Watching the Champions Cup games last weekend, with no English sides now left in the competition, made me realize the main difference between the Gallagher Premiership clubs and the teams left from Ireland and France. While there are arguments that it comes down to squad size and the salary cap, which is set to be cut by Premiership clubs by over £1 million next season, the teams put out by Leicester Tigers and Sale Sharks were still competitive.
What actually stood out was just how good the Premiership referees and officials have become in recent seasons, because in both those matches it was effectively the Wild West out there at the breakdown with the interpretations by referees from other countries, and the way they communicated as well with the television match official was nowhere near as streamlined as we see in the Premiership either.
A lot of that comes down actually to the quality of the TV directors as well, and I know we have touched on this before, but when you are reviewing those key incidents there are really three parties involved in the referee, TMO and TV director.
Now, Racing have a quality side and were always like to win on Sunday. But we had a moment in the game in Paris where there was a head-on-head contact and, yet again, the French TV director said he was unable to find any further angles when asked for more by the TMO to review the incident. That has to be looked at, and I’m sure it will be by Tony Spreadbury, who has recently become European Professional Club Rugby’s head of match officials joining from the Rugby Football Union.
When moments like that happen in a game, it can take quite a resilient side to bounce back. Things happen which can be turning points, defining moments in games. You can be both affected on the scoreboard but also psychologically as well.
In Sale’s case they were playing to keep their season alive really, given they cannot make the top four in the Premiership. They now face a battle to stay in the top eight to secure Champions Cup rugby for next season, currently sitting in seventh with London Irish and Wasps breathing down their necks.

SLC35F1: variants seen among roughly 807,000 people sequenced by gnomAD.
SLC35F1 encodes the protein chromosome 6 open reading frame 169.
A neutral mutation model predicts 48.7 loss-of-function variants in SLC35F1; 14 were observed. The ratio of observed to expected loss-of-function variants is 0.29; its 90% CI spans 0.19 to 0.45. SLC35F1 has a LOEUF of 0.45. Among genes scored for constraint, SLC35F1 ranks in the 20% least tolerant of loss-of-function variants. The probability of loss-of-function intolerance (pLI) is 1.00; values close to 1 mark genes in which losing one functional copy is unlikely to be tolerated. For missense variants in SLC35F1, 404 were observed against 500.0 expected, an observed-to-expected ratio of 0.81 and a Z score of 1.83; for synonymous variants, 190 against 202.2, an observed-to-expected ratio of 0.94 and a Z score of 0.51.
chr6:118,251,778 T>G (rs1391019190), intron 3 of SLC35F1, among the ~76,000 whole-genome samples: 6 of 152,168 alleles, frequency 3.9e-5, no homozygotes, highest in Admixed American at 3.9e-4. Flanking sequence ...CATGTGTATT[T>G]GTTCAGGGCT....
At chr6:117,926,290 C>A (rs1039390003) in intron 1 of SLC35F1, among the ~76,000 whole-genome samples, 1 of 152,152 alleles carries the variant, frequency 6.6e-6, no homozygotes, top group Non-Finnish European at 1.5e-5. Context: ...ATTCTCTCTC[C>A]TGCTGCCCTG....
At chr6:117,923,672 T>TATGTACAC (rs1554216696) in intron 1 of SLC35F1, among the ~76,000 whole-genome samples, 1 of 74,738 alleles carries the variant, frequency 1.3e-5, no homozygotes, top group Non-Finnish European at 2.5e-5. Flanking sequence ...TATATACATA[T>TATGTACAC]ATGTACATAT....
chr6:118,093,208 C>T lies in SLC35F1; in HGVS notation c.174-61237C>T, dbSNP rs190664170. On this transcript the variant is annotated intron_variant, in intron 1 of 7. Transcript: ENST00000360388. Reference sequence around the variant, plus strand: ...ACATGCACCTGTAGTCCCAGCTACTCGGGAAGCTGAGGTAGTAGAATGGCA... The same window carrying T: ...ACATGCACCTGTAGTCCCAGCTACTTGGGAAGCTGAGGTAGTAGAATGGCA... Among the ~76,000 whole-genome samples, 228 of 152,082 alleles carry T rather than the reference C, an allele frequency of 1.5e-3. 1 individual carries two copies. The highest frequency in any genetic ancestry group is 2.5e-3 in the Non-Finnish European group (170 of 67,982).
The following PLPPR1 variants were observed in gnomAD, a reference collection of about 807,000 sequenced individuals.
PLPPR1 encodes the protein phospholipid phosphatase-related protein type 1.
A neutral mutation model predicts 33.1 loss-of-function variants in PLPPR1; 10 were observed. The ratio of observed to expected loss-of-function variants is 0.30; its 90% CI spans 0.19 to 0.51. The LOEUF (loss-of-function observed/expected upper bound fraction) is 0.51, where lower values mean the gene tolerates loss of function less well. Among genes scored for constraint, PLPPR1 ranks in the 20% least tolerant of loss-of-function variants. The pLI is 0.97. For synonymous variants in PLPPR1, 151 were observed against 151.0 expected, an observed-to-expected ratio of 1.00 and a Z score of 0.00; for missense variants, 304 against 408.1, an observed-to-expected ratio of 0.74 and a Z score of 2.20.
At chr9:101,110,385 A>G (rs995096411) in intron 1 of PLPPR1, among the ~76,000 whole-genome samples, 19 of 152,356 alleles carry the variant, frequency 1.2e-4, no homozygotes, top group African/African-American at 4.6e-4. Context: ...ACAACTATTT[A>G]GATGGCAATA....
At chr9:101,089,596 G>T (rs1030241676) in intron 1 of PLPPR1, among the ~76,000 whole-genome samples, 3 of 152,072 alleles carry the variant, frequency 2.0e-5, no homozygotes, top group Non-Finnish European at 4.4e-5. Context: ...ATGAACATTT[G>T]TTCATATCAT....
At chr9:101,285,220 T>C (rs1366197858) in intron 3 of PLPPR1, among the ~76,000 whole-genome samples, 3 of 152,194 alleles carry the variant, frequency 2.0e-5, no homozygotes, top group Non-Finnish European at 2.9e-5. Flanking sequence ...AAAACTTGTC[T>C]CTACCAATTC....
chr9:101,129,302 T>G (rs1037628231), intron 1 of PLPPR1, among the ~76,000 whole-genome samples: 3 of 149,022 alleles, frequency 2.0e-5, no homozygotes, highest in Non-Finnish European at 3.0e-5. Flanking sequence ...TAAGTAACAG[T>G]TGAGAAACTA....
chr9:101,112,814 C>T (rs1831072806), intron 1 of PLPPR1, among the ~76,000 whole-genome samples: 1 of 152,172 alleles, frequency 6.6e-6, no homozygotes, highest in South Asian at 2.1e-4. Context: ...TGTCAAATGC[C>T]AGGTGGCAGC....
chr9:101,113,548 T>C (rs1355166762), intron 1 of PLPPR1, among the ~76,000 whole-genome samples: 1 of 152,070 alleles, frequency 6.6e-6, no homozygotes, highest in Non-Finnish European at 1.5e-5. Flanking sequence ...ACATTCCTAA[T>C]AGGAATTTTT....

But overall they are left in an interesting place after that defeat in Paris – how do they maintain the energy and enthusiasm in their changing room over the next few weeks at the end of the season with little on the line.
‘If you are lying to yourself then you are lying to your team-mates’
There used to be a good opening joke if you were an after-dinner speaker at rugby events around mid-February that you had just come from Harlequins’ end-of-season dinner the night before. Obviously that one doesn’t work quite so well now given Quins’ recent success, but teams who are not fighting for silverware at this point of the season are left facing a dilemma. How do you maintain both personal and collective drive if things have not worked out for you over the course of the season.
If you look at Bath’s changing room, sitting at the bottom of the table, it is clearly broken. People on both the outside and inside can see that. And what you need to rebuild that is trust, in the people who are selecting the team and in each other so that everyone can be on the same page. No backstabbing, no talks behind closed doors, an open forum. Once those changing rooms go, your season is over.
It takes strong, honest leaders to make sure you get through those spells. Personally I have not quite been in an entire changing room like that, but I have been broken myself in terms of being in a team where I didn’t think I was going to stay, which was Leicester in 1998. Bob Dwyer had just left , I’d had two years of no break at all and was completely knackered, had gone off kilter with the club and started not performing, thinking only about myself.
Dean Richards spotted that very quickly and basically said get yourself back in line or we will get rid of you. And in that scenario you just have to be honest with yourself.
There will be a lot of players walking around with big headphones on, thinking they are the best thing since sliced bread. But really, you only realize how fortunate you are to be in the game once it has gone and you have retired.
The key to all of that is being honest with yourself and your team-mates, whether you’re in a struggling changing room like Bath or one with little to play for in Sale, or a successful one like Leicester at the moment. If you are lying to yourself then you are lying to your team-mates, and that is how teams and cultures break down. Honesty is the best policy.